elaborate security agreement regarding Towers' lien on Hunt Health's
assets (the "Security Agreement") and a separate letter agreement
altering the method for determining the factoring fee charged by Towers.
See Pl. Exs. 15, 16. With regard to the change in the factoring fee
determination, the amendment provided that "[n]otwithstanding anything to
the contrary contained in Paragraph 3 of the [HCP Agreement], the cost to
[Hunt Health] for all factoring and servicing fees of Towers will be as
follows: two percent (2%) per month, or twenty-four percent (24%) per
annum, of the Average Outstanding Daily Balance from Towers to [Hunt
Health]." Pl. Ex. 16.
Finally, on September 30, 1992, Towers and Hunt Health entered into a
letter agreement (the "Letter Agreement") providing in part that "the
amount of Accounts [Hunt Health] offer[s] to [Towers] under the Contract
can result in maximum initial payments outstanding from Towers to Hunt
[Health] of One Million ($1,000,000.00) Dollars". Pl. Ex. 17.*fn5
3. The Unraveling of Towers's Fraudulent Note and Bond Sale Schemes
On February 8, 1993, the United States Securities and Exchange
Commission ("S.E.C.") brought suit against Towers and several of its
executives, seeking, among other things, to enjoin disposal of Towers'
assets outside the ordinary course of business. See exhibits attached to
the affidavit of Brooks Banker, Jr., Esq., from 1998 cross motions for
summary judgment ("Def. First Ex."), Ex. 41. The S.E.C. lawsuit was
premised on allegations that Towers had sold over $400 million worth of
promissory notes and unregistered bonds from 1989 to 1993 based on
materially false and misleading statements regarding Towers's financial
condition, the risks of investing in the securities, and the intended use
by Towers of proceeds of the note and bond sales. See Def. First. Exs.
A preliminary injunction issued on February 17, 1993, prohibiting
Towers from, inter alia, disposing of its assets except in the ordinary
course of business. See exhibits attached to the affidavit of Jeffrey B.
Finnell, Esq. from 1998 cross motions for summary judgment ("Pl. First
4. Hunt Health's Notice of Termination of the HCP Agreement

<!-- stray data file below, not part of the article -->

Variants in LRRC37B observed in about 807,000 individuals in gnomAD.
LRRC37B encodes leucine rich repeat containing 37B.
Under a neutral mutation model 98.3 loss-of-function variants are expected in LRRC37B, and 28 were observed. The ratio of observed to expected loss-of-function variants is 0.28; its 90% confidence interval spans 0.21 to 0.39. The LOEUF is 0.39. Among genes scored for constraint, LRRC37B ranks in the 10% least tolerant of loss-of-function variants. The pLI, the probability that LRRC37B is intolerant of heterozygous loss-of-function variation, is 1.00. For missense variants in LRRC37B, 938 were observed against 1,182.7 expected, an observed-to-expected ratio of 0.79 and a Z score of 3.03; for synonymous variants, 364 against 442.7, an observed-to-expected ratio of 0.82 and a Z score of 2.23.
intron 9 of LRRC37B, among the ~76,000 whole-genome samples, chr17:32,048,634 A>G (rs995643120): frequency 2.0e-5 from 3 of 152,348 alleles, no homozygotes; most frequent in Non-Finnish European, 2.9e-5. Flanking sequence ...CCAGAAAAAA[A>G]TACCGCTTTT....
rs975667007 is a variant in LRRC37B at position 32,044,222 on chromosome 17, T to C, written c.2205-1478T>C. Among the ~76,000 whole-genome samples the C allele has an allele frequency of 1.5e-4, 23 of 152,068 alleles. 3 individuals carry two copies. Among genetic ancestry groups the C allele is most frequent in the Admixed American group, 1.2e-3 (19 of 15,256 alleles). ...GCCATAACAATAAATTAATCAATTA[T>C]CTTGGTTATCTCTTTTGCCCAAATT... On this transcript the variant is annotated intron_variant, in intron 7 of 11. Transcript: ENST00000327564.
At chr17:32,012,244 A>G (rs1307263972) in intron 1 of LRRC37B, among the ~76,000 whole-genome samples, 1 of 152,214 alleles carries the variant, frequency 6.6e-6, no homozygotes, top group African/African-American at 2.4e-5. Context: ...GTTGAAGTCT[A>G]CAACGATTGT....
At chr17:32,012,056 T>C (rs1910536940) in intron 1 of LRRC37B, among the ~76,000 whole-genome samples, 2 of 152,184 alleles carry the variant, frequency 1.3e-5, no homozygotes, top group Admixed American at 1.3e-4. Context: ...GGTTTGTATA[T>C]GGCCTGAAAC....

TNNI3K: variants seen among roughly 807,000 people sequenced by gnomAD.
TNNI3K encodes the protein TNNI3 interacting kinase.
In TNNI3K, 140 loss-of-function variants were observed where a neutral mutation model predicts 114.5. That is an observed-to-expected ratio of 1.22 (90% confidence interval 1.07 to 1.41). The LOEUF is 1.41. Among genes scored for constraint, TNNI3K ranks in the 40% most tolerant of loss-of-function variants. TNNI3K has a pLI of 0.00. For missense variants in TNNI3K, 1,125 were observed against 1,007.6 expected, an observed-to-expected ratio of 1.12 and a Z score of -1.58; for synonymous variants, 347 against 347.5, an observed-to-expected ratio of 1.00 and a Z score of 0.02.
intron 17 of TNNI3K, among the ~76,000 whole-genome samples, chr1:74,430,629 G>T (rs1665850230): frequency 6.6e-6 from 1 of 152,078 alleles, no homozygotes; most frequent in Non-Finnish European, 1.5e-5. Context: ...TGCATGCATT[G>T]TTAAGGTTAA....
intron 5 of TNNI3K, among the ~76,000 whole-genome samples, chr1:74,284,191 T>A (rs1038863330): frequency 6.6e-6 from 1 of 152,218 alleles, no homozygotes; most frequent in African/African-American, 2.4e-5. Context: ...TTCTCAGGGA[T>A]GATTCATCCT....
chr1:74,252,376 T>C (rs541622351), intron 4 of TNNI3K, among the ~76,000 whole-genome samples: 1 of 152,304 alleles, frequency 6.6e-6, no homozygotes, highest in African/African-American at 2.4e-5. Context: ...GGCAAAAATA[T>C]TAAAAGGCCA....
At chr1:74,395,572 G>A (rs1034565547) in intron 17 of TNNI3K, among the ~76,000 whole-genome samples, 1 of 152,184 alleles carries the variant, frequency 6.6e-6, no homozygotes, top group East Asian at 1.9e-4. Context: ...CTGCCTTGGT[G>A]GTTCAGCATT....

Of serious contention between the parties are the events, if any,
occurring the previous day, February 25, 1993. Defendants assert that on
that date Hunt Health requested from Towers a $60,000 payment pursuant to
the Letter Agreement. Plaintiff disputes whether Hunt Health made the
request. In all events, it is undisputed that Towers remitted no funds to
Hunt Health on that day or, indeed, on any day after February 19, 1993.
Towers' final purchases of Hunt Health's accounts receivable occurred at
some point between February 19 and 26, 1993. See Pl. Ren. 56.1 Statement
A month later, on March 26, 1993, Towers filed a voluntary petition for
relief under chapter 11 of the United States Bankruptcy Code, and a
chapter 11 trustee was subsequently appointed. See Pl. Ren. 56.1
Statement ¶ 2.
On April 2, 1993, Esperanza, a Texas limited partnership, was formed by
P&G and Friendship, a Texas corporation created that same day by Givens,
Mehendale and Thomas. By written agreement executed as of that date, Hunt
Health agreed to sell Esperanza certain of Hunt Health's assets in
exchange for Esperanza's assumption of certain of Hunt Health's
liabilities. See Pl. First Ex. 38. The decision of Esperanza and Hunt
Health to execute the agreement was made by the same persons on both
sides, and Gaines and Givens executed the agreement on behalf of both
entities.*fn7 See Defs' First 56.1 Response ¶¶ 92, 95.
On November 11, 1994, pursuant to his authorization by the bankruptcy
court, the chapter 11 trustee initiated this action. Upon confirmation of
Towers's plan of reorganization on December 8, 1994, the remaining assets
of Towers were transferred to an administrative trust (the "Trust"), with
Raymond Wechsler designated as administrative trustee (the "Trustee").
See Pl. Ren. 56.1 Statement ¶ 4. Pursuant to the plan of
reorganization, the Trustee was authorized and empowered to pursue
litigation and resolve disputed claims on behalf of the Trust, including
any litigation or claims previously brought by the chapter 11 trustee.
See id. ¶ 6. However, as the Court indicated previously, by Order of
United States Bankruptcy Judge Prudence Carter Beatty dated August 5,
1999, the Towers Financial Administrative Trust was terminated and the
Trust's claim against Hunt Health was assigned to Raymond H. Wechsler in
his personal capacity.
IV. THE RENEWED MOTION FOR SUMMARY JUDGMENT